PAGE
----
Linguistic Illusions (Guest Speaker Colin Phillips, 4/9/13)

Colin Phillips, a professor at the UMD Linguistics Department spoke to us about linguistic illusions. He specializes in psycholinguistics and is “an authority on diverse topics such as sentence processing, pronoun/anaphora resolution, real-time language processing, and many others.”

He asked that we read a paper that introduces some grammatical illusions and selective fallibility of the brain’s language processor. It was accurate several years ago, but “some more recent findings undermine certain conclusions”. Partial outline available here, thanks to Alan. To see some grammatical illusions explained in nontechnical language, look here.

Slideshow is available here – note that we did not get to everything.

NOTES (thanks to Megan Chao):

  • There is often ambiguity in language (e.g. HISTORIC CHURCH + TOILETS sign)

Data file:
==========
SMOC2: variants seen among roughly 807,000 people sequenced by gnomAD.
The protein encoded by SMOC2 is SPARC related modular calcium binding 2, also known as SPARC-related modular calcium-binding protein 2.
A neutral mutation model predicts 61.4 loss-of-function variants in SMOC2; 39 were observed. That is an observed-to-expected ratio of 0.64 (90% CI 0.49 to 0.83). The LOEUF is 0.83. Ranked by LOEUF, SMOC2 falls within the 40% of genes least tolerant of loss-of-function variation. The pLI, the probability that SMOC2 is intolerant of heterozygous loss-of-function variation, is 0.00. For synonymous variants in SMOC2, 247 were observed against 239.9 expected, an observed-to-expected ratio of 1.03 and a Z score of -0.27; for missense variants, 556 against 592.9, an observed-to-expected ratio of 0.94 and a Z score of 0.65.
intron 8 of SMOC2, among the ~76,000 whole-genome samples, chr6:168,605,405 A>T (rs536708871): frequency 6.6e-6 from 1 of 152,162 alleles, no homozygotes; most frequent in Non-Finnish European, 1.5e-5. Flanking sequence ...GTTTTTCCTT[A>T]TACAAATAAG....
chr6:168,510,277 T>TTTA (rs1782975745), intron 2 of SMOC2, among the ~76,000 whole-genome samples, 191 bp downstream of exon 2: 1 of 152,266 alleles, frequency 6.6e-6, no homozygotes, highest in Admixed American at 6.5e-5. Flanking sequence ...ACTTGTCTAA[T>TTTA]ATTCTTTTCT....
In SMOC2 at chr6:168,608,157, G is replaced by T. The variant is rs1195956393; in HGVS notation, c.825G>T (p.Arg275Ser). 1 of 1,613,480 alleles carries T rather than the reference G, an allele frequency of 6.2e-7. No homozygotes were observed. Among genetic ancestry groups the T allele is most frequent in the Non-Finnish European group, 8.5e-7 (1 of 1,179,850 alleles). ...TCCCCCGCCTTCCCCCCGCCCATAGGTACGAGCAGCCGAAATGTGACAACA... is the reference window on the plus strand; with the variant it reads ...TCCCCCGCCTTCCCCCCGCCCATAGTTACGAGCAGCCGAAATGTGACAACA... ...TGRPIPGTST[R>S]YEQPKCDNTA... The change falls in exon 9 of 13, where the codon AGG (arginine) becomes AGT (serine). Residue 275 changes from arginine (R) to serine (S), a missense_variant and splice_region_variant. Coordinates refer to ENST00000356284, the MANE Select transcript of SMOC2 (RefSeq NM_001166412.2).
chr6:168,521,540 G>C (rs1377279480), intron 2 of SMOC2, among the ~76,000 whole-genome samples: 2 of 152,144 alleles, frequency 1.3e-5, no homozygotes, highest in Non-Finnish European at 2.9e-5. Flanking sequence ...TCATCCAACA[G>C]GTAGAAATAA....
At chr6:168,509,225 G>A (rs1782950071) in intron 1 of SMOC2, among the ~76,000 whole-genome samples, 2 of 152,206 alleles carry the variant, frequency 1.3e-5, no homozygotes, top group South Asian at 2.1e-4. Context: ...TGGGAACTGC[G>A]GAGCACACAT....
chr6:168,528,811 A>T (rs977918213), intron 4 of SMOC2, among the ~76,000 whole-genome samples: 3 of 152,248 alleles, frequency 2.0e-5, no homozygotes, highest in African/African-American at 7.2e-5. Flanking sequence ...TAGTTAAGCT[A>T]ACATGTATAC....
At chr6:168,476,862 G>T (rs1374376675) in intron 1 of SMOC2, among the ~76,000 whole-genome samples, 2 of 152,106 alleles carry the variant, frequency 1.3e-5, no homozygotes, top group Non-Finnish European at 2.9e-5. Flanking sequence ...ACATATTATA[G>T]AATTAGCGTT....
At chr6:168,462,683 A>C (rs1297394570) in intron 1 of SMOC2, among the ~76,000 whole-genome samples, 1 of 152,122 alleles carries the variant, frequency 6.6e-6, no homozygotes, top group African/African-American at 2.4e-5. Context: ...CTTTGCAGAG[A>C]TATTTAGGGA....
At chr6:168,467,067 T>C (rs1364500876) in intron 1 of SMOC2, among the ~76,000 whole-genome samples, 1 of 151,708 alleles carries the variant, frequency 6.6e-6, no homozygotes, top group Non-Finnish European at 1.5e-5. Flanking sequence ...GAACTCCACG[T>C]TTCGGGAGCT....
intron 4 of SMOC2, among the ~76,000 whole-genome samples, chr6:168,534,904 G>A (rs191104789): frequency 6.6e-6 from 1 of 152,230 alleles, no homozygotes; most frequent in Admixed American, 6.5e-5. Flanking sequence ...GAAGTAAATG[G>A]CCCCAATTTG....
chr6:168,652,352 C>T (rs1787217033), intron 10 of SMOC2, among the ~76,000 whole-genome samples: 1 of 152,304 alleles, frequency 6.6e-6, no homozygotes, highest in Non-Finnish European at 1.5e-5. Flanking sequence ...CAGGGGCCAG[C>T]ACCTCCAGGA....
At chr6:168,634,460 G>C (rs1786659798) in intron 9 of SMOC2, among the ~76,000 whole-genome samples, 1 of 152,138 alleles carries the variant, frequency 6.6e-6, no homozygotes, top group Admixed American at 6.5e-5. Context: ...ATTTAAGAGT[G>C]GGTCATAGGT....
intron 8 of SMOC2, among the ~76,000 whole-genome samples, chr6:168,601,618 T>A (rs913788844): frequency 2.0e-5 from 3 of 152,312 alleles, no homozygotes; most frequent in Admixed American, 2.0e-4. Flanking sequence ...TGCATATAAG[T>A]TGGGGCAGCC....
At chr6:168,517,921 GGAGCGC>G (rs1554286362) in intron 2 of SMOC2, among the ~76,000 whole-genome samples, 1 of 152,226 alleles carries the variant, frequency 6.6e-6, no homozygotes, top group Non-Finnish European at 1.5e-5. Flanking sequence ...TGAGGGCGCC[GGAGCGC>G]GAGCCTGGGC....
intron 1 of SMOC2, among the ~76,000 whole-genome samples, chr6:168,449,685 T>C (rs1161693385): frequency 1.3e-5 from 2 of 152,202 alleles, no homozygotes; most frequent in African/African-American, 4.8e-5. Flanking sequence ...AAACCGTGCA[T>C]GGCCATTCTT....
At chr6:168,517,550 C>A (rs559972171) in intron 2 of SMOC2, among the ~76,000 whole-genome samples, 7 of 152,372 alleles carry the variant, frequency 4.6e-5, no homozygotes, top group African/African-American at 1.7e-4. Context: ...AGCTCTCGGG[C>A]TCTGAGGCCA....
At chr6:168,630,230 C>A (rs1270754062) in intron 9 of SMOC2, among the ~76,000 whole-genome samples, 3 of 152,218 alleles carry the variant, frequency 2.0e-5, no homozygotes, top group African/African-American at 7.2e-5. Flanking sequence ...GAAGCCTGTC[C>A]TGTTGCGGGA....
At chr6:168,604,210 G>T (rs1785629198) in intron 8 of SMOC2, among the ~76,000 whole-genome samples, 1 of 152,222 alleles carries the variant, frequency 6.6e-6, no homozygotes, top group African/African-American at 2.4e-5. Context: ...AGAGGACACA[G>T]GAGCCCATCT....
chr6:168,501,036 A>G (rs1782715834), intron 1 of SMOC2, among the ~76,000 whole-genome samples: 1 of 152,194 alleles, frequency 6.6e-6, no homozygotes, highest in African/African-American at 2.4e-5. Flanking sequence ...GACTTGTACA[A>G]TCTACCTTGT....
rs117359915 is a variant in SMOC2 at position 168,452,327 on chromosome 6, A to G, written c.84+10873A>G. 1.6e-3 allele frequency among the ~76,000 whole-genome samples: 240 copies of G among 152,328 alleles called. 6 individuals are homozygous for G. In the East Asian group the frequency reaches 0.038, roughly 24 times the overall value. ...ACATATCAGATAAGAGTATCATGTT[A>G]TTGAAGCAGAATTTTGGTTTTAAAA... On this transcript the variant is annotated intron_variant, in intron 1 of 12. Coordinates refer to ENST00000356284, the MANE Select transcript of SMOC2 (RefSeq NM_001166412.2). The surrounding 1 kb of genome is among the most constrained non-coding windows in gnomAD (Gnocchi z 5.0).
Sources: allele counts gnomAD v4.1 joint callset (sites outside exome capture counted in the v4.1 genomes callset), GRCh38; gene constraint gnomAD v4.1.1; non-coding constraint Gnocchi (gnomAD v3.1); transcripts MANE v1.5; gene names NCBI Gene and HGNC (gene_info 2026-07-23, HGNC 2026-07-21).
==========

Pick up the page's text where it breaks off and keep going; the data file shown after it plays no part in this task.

• Examples of visual illusions: we are inclined to see a certain effect (e.g. curved instead of straight lines); of course this can also occur in language
  • Ideally, language should be robust even in noisy environments
  • This leads to examples of confusing japanese sentences where verbs come at the end:
    • ジョンが マリーに トムが お店で ミルクを 買ったと 言った
      • John-nom / Mary-dat / Tom-nom / store-at / milk-acc / buy-decl / told
      • Translation: “John told Mary that Tom bought milk at the store.”
    • ジョンが マリーに りんごを 食べた 犬を あげた
      • John-nom / Mary-dat / apple-acc / ate / dog-acc / gave
      • [Did not catch the translation in time]
  • Electrical/magnetic brain activity
    • It takes us about 250-400 milliseconds to access words in language
    • That makes about 3-5 word accessed per second
    • At each word, the brain does the following to understand the language
      • Visual/acoustic processing
      • Phoneme recognition
      • Word recognition
      • Syntactic analysis
      • Semantic interpretation
    • But, there is a computational bottleneck: updating interpretation at each word requires much more time than is available
  • Models
    • Iron chef model
    • McDonalds’ model (quality may have to be sacrificed)
    • Julia Child’s cooking show model
  • Tower of Pisa: visual illusion where identical pictures look misaligned side-by-side

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